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Sharespost

Sharespost

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SharesPost, which was founded by Painter's business partner, Greg Brogger, launched publicly in June.

Through SharesPost's Web site, Painter is trying to sell shares in several companies he helped found, including car pricing startup TrueCar.com.

He also wants to buy shares in companies that are far from an IPO, like short-messaging site Twitter and business-networking site LinkedIn.

SharesPost is one of a few private stock exchanges that are emerging to fight what venture capitalists call a liquidity crisis.

These exchanges give stakeholders an alternative way to trade their shares in hot startups like Facebook for cold, hard cash - without having to wait years for an IPO.

Employees at startup employees often put in long hours but get salaries that can be 20 percent less than their peers at public companies.

In return, they get stock or options that they hope will be a path to sports cars and summer homes after their company goes public or is bought out.

Given this, services like SharesPost could help startup workers get some cash while awaiting a distant IPO that might never even get off the ground.

Most people won't be in on the action, though, since these exchanges are only open to a small pool of buyers.

And it's not clear how much - or how little - stock has changed hands through them.

In its short life, Santa Monica, Calif.-based SharesPost said it has executed one $25,000 transaction, while another service, New York-based SecondMarket, said it has completed about 40 transactions in the past year worth about $150 million.

Still, if they manage to thrive, these exchanges could help the economy.

By selling shares on a private exchange, an investor can free up funds to put into other startups.

And institutional investors could use these services to broaden their holdings to include fast-growing companies that have yet to go public.

The methods of these private exchanges vary.

SharesPost uses an online bulletin board to introduce buyers and sellers.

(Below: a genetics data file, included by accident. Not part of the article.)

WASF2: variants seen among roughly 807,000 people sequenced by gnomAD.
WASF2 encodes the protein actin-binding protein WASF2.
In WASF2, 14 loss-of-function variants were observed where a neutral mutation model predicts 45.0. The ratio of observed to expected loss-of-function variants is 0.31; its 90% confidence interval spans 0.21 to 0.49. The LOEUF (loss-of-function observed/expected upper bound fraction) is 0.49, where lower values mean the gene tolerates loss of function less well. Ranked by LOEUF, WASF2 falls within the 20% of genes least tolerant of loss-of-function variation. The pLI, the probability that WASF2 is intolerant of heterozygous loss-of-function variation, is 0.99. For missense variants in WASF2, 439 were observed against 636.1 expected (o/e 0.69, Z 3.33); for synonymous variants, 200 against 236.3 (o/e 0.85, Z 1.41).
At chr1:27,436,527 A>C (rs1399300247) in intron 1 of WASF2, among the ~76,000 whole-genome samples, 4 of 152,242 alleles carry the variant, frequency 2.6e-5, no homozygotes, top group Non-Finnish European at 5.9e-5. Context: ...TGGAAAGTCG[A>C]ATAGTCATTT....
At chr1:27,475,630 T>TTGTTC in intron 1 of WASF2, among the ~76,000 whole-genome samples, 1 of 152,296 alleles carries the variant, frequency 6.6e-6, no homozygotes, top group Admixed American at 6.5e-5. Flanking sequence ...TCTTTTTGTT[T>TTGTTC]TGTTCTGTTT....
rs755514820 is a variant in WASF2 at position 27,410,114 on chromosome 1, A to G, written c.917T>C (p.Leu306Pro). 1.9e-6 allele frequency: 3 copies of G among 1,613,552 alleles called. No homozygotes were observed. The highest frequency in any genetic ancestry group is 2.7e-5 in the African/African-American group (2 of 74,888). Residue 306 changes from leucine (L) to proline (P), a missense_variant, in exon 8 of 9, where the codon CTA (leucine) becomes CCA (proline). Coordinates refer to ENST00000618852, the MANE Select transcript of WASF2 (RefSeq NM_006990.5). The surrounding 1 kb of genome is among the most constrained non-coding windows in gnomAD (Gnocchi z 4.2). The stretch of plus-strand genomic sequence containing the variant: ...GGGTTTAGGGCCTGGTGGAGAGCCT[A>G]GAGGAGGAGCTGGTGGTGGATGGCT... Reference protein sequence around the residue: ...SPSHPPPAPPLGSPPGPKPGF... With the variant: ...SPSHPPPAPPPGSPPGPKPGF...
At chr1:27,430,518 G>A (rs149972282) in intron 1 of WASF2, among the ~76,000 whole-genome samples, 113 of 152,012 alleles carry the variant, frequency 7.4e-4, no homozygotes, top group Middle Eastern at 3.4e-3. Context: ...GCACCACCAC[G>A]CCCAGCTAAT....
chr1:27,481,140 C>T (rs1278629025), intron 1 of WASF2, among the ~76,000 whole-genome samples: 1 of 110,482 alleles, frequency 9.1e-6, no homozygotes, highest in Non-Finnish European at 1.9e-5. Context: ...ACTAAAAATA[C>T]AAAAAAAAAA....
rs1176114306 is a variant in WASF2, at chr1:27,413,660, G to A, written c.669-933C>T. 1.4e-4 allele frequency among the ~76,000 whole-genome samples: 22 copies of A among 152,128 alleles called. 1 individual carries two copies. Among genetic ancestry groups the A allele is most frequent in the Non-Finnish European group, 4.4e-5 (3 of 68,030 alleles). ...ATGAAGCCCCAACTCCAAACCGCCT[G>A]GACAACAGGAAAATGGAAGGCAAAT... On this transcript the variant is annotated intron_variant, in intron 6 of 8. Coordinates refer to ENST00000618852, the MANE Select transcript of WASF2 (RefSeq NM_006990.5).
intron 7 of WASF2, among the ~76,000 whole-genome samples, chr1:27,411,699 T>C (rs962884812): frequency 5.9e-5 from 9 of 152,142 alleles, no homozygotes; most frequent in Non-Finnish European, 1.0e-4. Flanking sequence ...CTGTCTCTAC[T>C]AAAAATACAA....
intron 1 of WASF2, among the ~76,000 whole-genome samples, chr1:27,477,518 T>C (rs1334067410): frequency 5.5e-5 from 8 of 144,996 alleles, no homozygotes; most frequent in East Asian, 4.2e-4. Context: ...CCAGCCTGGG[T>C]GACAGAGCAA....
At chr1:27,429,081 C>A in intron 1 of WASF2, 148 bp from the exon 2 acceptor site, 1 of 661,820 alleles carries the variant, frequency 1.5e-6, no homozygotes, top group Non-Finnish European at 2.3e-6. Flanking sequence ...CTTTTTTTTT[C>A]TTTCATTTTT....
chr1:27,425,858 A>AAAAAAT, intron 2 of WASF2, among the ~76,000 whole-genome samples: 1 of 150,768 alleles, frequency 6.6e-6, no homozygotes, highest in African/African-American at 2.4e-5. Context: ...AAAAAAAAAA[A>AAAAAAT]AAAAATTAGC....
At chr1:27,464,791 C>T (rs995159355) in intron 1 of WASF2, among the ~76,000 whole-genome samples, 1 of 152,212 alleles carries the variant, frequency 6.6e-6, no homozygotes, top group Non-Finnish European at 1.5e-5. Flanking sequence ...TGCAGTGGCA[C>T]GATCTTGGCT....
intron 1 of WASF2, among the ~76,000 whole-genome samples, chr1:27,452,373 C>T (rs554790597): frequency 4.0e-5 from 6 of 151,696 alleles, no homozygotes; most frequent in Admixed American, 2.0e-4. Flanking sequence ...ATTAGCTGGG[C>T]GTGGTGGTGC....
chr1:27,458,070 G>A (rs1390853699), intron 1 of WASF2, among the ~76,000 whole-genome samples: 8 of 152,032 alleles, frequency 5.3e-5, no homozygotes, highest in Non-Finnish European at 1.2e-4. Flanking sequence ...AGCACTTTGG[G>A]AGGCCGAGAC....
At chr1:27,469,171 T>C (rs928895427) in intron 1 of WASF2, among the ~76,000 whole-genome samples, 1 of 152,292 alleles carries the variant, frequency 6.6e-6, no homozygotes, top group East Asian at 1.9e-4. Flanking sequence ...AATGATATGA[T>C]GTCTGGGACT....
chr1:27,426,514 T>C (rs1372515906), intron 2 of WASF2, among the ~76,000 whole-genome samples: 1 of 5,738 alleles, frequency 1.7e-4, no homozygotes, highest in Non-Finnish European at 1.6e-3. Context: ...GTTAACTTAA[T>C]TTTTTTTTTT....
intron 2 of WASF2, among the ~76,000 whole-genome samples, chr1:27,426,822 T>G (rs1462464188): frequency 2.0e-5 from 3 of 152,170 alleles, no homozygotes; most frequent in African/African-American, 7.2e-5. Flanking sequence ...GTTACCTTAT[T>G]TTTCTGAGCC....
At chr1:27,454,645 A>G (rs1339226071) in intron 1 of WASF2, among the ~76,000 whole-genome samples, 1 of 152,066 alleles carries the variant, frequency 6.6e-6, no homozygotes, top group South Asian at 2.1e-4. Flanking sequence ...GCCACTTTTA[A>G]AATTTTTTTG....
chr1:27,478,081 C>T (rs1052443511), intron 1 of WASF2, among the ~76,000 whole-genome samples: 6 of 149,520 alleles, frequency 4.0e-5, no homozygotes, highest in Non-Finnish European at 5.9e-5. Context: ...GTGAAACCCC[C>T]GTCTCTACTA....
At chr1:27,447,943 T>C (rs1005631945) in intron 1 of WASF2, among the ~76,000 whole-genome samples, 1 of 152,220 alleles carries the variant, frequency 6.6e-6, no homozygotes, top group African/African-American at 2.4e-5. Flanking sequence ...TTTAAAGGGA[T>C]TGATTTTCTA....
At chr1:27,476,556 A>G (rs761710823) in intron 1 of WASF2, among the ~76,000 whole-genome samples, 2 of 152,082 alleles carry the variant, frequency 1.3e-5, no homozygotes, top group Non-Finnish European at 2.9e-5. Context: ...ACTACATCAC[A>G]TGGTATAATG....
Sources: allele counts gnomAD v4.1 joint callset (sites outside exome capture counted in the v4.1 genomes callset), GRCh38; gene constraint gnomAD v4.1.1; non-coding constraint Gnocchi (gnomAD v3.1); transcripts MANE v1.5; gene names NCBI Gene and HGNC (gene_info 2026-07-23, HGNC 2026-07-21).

SecondMarket links the parties and lets companies set up their own mini-markets that they control, while Redwood City, Calif.-based XChange is rolling out an online system that will allow buyers and sellers to connect and directly trade shares for cash.

All are open just to institutional investors - organizations like venture capital firms or pension funds that manage at least $100 million in assets - and individual accredited investors.

That category includes people with a net worth of at least $1 million, or salary of at least $200,000 for the last two years.

The concept is not entirely new.

Nyppex, formed in 1998, facilitates private-company stock trades, and a few companies with similar offerings emerged during the last economic downturn but failed to gather much steam.

Among the problems: Determining a fair price for a private company's stock is tough without much public information.

This time, however, employees and investors are more aggressively looking for a way to get a return on their dedication and funding.

More than a dozen companies have priced IPOs in the U.S.

this year, down from 35 in the first half of 2008, according to research firm Renaissance Capital.

In the same period of dot-com-crazy 2000, there were 219 IPOs in the U.S.

Besides the economy, startup investors say the high costs and regulatory requirements associated with going public have also stymied many smaller, younger companies.

According to the National Venture Capital Association, the median span from a company's founding to its IPO was 9.6 years in 2008.

In 1998 it was 4.5 years.



http://www.washingtonpost.com/wp-dyn/content/article/2009/06/27/AR2009062701116.html
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